Piu, who became concerned about plastics after leading beach cleanups in the 1990s, says that the next step is to prevent plastic products from getting to the Galápagos Islands in the first place. A recent law bans the distribution or commercialization of plastic drinking straws, disposable plastic shopping bags, styrofoam food containers and dinnerware, and non-returnable bottles of sodas and beers on the islands, though those products are unevenly used. WWF helped the Galápagos Governing Council develop the provincial ordinance regulating some of these products and continues to serve as a member of the Plastics Management Committee of the archipelago.
The Galápagos Governing Council, WWF, and other partners have been spreading the word about the law through an information campaign that involves signs at local airports, piers, and outreach to stores and restaurants. WWF also helped the Galápagos government develop the provincial ordinance regulating the important of single-use plastics and polystyrene and continues to serve as a member of the Plastics Management Committee of the archipelago.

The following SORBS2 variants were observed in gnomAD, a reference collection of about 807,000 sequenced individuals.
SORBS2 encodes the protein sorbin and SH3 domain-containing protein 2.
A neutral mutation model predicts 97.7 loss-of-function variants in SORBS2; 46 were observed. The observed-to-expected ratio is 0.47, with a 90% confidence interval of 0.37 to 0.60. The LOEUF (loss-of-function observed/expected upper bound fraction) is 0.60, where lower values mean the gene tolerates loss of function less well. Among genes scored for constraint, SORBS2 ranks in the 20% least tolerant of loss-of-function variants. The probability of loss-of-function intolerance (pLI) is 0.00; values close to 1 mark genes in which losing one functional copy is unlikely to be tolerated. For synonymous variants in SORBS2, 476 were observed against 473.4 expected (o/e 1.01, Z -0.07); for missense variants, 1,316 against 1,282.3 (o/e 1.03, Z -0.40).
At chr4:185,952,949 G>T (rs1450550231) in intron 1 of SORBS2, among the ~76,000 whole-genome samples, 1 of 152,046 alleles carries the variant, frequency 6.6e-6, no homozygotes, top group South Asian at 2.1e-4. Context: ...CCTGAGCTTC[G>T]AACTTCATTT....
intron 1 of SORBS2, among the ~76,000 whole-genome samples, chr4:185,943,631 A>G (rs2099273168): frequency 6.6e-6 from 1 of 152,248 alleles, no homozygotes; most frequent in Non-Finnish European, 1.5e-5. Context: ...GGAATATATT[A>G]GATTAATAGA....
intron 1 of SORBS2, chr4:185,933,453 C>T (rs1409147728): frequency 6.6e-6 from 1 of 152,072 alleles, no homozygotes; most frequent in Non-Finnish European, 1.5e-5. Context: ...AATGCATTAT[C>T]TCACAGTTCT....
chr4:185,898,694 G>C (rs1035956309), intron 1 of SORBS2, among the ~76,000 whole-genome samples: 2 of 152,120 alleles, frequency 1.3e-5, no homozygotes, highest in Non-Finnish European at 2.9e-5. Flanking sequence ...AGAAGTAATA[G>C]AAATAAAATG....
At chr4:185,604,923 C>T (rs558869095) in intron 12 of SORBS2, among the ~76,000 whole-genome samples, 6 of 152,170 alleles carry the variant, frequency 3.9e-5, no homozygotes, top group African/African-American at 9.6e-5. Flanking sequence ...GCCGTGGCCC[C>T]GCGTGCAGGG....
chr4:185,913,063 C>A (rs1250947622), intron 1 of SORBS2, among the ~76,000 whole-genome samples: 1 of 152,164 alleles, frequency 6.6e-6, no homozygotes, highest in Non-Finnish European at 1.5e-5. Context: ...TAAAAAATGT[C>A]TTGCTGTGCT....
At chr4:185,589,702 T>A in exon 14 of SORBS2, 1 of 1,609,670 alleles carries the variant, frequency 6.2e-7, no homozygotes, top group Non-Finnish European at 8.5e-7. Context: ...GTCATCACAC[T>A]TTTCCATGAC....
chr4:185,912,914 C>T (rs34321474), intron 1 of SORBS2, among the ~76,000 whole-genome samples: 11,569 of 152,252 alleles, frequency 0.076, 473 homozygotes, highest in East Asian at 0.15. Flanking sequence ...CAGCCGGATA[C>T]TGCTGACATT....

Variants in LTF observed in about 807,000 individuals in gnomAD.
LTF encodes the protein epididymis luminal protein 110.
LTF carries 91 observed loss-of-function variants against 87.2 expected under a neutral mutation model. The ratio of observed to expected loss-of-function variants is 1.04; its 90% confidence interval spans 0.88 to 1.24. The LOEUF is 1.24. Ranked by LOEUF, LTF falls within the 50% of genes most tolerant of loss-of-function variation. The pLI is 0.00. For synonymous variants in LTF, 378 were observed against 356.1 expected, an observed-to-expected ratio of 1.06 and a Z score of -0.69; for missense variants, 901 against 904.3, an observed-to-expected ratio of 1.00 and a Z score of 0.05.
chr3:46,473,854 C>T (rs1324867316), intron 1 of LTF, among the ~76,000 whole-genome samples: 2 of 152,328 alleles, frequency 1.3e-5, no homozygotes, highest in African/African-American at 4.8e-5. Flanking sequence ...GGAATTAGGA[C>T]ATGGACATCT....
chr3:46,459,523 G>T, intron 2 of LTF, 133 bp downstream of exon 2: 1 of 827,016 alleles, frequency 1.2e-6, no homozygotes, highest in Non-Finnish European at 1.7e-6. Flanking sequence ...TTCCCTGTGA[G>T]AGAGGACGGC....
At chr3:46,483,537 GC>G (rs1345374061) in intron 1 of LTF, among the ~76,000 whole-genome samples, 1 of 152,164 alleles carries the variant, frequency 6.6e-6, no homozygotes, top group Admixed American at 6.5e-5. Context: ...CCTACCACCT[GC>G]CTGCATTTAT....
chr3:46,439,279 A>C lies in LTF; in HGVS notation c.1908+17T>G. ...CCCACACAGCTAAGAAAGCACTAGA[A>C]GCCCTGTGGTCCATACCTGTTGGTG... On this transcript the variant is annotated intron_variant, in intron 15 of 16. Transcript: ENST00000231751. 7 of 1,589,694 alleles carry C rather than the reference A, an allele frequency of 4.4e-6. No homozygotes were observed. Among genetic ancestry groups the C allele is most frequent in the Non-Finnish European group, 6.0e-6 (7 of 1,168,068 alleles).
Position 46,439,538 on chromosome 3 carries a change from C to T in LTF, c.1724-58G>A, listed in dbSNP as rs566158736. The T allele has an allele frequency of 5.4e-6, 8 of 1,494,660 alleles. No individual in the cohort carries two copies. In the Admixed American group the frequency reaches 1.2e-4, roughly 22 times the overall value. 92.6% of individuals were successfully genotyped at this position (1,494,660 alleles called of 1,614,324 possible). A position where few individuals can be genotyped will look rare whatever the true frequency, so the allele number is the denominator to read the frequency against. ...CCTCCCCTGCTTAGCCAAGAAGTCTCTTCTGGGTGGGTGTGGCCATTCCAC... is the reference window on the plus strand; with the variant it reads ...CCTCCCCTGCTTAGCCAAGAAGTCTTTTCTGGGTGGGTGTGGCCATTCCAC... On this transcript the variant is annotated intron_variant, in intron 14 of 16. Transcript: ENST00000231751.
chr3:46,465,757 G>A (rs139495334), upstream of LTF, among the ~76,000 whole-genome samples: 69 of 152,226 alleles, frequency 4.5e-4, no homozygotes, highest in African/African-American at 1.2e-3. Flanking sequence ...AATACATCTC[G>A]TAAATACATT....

The people of the Galápagos are doing their part to protect their islands and address this global problem too. Local communities and activists have mobilized to institute coastal cleanups and awareness campaigns about plastic use.
But Hannam-Penfold—the researcher—isn’t particularly worried about running out of material to study in the future. After all, the largest amount of plastic waste arrives in the Galápagos on ocean currents from places that have yet to learn these same lessons.